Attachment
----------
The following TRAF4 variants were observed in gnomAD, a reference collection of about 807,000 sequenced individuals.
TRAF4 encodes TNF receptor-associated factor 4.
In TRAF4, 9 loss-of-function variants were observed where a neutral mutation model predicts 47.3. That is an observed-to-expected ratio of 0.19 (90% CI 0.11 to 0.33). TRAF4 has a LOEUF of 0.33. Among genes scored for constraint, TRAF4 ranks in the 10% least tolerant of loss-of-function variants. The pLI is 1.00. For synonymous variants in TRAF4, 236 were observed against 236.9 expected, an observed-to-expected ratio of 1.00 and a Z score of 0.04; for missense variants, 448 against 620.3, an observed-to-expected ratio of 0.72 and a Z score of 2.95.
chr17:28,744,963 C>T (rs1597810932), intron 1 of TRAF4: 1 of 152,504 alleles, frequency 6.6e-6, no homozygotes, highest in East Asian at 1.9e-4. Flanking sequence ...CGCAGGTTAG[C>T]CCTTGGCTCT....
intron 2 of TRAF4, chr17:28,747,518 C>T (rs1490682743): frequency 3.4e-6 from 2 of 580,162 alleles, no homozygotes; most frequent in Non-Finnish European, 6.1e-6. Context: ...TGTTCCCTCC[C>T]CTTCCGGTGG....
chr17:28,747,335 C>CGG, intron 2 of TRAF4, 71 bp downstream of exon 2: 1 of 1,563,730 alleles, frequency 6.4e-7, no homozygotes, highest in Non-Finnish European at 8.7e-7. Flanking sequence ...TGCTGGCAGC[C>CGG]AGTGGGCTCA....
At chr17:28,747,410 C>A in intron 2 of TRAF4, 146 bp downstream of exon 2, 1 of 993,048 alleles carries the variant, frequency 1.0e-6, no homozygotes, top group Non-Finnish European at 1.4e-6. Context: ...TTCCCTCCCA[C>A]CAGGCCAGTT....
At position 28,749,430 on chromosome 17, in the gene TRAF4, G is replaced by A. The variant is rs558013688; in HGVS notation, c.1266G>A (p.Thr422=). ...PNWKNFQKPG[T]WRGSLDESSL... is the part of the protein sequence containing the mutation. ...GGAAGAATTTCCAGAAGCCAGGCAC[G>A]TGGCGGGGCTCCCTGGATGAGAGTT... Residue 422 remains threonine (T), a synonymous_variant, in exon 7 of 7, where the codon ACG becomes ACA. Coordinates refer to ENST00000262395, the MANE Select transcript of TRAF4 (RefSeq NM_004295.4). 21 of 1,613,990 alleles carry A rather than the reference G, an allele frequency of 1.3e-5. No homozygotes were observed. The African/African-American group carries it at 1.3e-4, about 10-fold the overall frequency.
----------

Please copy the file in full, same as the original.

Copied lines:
The following TRAF4 variants were observed in gnomAD, a reference collection of about 807,000 sequenced individuals.
TRAF4 encodes TNF receptor-associated factor 4.
In TRAF4, 9 loss-of-function variants were observed where a neutral mutation model predicts 47.3. That is an observed-to-expected ratio of 0.19 (90% CI 0.11 to 0.33). TRAF4 has a LOEUF of 0.33. Among genes scored for constraint, TRAF4 ranks in the 10% least tolerant of loss-of-function variants. The pLI is 1.00. For synonymous variants in TRAF4, 236 were observed against 236.9 expected, an observed-to-expected ratio of 1.00 and a Z score of 0.04; for missense variants, 448 against 620.3, an observed-to-expected ratio of 0.72 and a Z score of 2.95.
chr17:28,744,963 C>T (rs1597810932), intron 1 of TRAF4: 1 of 152,504 alleles, frequency 6.6e-6, no homozygotes, highest in East Asian at 1.9e-4. Flanking sequence ...CGCAGGTTAG[C>T]CCTTGGCTCT....
intron 2 of TRAF4, chr17:28,747,518 C>T (rs1490682743): frequency 3.4e-6 from 2 of 580,162 alleles, no homozygotes; most frequent in Non-Finnish European, 6.1e-6. Context: ...TGTTCCCTCC[C>T]CTTCCGGTGG....
chr17:28,747,335 C>CGG, intron 2 of TRAF4, 71 bp downstream of exon 2: 1 of 1,563,730 alleles, frequency 6.4e-7, no homozygotes, highest in Non-Finnish European at 8.7e-7. Flanking sequence ...TGCTGGCAGC[C>CGG]AGTGGGCTCA....
At chr17:28,747,410 C>A in intron 2 of TRAF4, 146 bp downstream of exon 2, 1 of 993,048 alleles carries the variant, frequency 1.0e-6, no homozygotes, top group Non-Finnish European at 1.4e-6. Context: ...TTCCCTCCCA[C>A]CAGGCCAGTT....
At position 28,749,430 on chromosome 17, in the gene TRAF4, G is replaced by A. The variant is rs558013688; in HGVS notation, c.1266G>A (p.Thr422=). ...PNWKNFQKPG[T]WRGSLDESSL... is the part of the protein sequence containing the mutation. ...GGAAGAATTTCCAGAAGCCAGGCAC[G>A]TGGCGGGGCTCCCTGGATGAGAGTT... Residue 422 remains threonine (T), a synonymous_variant, in exon 7 of 7, where the codon ACG becomes ACA. Coordinates refer to ENST00000262395, the MANE Select transcript of TRAF4 (RefSeq NM_004295.4). 21 of 1,613,990 alleles carry A rather than the reference G, an allele frequency of 1.3e-5. No homozygotes were observed. The African/African-American group carries it at 1.3e-4, about 10-fold the overall frequency.